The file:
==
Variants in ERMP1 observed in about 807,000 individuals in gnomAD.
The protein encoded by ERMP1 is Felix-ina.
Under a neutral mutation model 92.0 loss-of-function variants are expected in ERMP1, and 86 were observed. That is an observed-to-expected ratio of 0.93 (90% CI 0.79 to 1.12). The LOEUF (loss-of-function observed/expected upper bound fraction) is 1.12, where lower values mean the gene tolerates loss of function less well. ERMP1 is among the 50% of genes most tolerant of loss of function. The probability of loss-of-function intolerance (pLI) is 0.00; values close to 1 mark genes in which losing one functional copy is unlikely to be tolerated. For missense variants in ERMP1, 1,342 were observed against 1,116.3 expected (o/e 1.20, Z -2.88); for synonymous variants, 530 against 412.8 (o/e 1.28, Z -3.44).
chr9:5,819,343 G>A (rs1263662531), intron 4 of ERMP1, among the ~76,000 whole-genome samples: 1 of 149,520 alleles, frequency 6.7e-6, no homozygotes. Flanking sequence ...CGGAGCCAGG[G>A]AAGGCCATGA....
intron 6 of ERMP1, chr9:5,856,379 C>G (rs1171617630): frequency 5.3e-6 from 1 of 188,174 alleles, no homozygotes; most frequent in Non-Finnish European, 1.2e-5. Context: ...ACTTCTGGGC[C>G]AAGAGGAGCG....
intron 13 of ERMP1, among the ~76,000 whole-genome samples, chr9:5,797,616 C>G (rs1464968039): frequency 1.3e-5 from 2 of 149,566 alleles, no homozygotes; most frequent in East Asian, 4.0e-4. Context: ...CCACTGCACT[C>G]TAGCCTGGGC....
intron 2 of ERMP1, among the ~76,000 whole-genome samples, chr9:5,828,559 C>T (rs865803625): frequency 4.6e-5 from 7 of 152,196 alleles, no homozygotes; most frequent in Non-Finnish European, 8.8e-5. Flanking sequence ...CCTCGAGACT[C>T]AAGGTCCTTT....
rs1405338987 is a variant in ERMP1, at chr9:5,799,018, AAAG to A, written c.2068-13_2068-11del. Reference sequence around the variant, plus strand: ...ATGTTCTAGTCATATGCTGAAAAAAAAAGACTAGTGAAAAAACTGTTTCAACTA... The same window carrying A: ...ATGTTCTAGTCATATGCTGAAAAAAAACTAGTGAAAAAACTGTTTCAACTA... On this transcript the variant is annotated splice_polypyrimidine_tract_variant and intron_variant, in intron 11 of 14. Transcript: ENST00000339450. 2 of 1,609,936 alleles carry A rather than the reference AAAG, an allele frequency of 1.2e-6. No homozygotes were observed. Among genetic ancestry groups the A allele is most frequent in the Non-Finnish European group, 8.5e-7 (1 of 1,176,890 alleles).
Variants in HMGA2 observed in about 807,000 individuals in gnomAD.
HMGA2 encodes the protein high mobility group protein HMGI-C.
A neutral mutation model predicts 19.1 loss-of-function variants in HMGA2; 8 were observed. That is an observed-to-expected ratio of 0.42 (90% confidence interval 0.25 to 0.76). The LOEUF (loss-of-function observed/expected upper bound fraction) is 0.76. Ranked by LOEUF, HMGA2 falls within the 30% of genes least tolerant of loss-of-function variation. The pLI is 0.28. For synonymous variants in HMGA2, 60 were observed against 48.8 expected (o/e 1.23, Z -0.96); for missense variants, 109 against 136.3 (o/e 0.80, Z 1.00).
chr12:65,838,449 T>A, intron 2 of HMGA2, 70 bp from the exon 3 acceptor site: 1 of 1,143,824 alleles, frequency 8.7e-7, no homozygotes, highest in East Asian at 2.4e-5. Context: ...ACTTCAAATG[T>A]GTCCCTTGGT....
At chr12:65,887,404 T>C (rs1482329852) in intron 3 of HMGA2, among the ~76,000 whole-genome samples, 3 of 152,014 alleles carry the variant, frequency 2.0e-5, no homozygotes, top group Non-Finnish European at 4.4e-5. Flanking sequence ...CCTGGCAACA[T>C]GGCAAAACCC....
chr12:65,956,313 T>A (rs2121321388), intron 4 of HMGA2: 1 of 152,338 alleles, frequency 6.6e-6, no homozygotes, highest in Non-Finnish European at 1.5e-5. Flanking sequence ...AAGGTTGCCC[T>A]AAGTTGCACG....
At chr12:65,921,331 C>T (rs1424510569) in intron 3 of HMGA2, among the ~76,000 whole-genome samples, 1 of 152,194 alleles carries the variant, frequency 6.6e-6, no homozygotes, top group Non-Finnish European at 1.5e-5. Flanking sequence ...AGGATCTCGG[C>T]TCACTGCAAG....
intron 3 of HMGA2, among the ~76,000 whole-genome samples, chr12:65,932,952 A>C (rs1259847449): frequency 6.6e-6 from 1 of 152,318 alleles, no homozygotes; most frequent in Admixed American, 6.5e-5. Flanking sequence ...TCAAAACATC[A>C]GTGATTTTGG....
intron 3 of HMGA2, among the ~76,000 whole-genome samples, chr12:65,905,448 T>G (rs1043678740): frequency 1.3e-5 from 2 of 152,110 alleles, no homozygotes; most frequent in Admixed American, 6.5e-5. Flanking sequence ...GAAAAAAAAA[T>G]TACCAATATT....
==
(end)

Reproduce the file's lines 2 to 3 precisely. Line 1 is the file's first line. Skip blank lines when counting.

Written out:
The protein encoded by ERMP1 is Felix-ina.
Under a neutral mutation model 92.0 loss-of-function variants are expected in ERMP1, and 86 were observed. That is an observed-to-expected ratio of 0.93 (90% CI 0.79 to 1.12). The LOEUF (loss-of-function observed/expected upper bound fraction) is 1.12, where lower values mean the gene tolerates loss of function less well. ERMP1 is among the 50% of genes most tolerant of loss of function. The probability of loss-of-function intolerance (pLI) is 0.00; values close to 1 mark genes in which losing one functional copy is unlikely to be tolerated. For missense variants in ERMP1, 1,342 were observed against 1,116.3 expected (o/e 1.20, Z -2.88); for synonymous variants, 530 against 412.8 (o/e 1.28, Z -3.44).